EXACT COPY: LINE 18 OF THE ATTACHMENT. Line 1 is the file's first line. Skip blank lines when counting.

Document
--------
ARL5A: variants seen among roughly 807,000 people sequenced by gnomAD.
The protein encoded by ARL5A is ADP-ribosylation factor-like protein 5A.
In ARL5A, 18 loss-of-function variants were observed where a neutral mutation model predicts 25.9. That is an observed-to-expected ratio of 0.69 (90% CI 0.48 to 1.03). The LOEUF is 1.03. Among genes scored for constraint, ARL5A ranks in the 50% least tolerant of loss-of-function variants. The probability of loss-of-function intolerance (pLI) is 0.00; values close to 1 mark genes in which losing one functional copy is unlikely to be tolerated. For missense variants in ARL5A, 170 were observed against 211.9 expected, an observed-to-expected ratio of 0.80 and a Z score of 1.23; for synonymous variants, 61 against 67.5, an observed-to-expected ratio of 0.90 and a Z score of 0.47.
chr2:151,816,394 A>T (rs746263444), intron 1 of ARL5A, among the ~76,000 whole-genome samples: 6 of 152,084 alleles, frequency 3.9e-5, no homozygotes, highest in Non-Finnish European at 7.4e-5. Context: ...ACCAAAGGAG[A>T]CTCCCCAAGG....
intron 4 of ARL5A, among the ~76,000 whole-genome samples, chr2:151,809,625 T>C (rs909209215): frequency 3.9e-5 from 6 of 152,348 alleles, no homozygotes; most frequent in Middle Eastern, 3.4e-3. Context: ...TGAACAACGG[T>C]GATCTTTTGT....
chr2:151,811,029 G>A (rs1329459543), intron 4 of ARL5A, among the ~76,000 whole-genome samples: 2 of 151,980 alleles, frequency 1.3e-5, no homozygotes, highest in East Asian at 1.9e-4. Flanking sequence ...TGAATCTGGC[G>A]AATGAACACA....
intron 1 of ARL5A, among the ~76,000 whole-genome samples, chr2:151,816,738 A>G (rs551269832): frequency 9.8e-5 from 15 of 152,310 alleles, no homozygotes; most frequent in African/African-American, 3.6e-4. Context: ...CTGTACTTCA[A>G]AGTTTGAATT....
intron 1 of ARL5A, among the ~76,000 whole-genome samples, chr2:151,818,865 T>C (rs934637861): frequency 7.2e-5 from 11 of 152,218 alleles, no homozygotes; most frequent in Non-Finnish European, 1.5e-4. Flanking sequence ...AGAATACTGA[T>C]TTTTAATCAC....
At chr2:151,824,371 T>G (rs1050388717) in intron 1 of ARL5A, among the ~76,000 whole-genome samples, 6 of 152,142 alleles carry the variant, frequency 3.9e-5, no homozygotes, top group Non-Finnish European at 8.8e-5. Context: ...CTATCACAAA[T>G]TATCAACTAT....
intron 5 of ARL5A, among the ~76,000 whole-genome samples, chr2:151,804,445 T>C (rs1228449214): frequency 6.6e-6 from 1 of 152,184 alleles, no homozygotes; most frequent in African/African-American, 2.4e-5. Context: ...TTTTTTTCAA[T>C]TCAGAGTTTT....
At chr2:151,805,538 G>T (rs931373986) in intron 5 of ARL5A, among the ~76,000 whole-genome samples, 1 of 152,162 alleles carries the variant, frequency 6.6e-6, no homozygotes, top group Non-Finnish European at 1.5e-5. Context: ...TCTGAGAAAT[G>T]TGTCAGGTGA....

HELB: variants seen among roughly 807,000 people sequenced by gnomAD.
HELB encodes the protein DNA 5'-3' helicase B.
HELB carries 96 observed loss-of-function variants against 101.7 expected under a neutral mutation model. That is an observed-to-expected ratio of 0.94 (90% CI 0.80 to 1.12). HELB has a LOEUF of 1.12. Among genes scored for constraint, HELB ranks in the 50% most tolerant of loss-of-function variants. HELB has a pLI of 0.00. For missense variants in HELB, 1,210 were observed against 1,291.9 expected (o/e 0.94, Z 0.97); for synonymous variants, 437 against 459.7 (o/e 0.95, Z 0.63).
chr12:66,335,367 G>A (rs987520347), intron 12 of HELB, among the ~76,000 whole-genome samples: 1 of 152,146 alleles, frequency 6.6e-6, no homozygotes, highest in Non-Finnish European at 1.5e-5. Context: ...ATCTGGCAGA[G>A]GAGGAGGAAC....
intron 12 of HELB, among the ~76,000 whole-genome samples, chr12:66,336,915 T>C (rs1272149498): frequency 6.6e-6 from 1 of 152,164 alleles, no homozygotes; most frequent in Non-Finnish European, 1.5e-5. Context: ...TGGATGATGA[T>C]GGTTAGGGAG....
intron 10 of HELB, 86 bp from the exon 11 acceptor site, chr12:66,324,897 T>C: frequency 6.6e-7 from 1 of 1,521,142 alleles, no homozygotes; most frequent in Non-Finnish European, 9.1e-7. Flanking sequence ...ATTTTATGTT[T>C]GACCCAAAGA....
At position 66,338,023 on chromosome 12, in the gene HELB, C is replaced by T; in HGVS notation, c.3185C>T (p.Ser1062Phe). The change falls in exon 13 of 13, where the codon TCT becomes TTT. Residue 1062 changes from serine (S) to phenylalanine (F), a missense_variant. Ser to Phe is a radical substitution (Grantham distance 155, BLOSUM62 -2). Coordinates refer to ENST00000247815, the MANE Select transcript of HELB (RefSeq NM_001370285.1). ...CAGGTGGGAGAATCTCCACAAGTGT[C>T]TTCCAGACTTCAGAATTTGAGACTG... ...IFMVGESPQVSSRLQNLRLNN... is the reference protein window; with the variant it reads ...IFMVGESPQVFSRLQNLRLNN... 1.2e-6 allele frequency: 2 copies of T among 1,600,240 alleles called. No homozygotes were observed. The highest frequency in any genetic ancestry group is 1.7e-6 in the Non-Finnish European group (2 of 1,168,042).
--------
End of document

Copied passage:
At position 66,338,023 on chromosome 12, in the gene HELB, C is replaced by T; in HGVS notation, c.3185C>T (p.Ser1062Phe). The change falls in exon 13 of 13, where the codon TCT becomes TTT. Residue 1062 changes from serine (S) to phenylalanine (F), a missense_variant. Ser to Phe is a radical substitution (Grantham distance 155, BLOSUM62 -2). Coordinates refer to ENST00000247815, the MANE Select transcript of HELB (RefSeq NM_001370285.1). ...CAGGTGGGAGAATCTCCACAAGTGT[C>T]TTCCAGACTTCAGAATTTGAGACTG... ...IFMVGESPQVSSRLQNLRLNN... is the reference protein window; with the variant it reads ...IFMVGESPQVFSRLQNLRLNN... 1.2e-6 allele frequency: 2 copies of T among 1,600,240 alleles called. No homozygotes were observed. The highest frequency in any genetic ancestry group is 1.7e-6 in the Non-Finnish European group (2 of 1,168,042).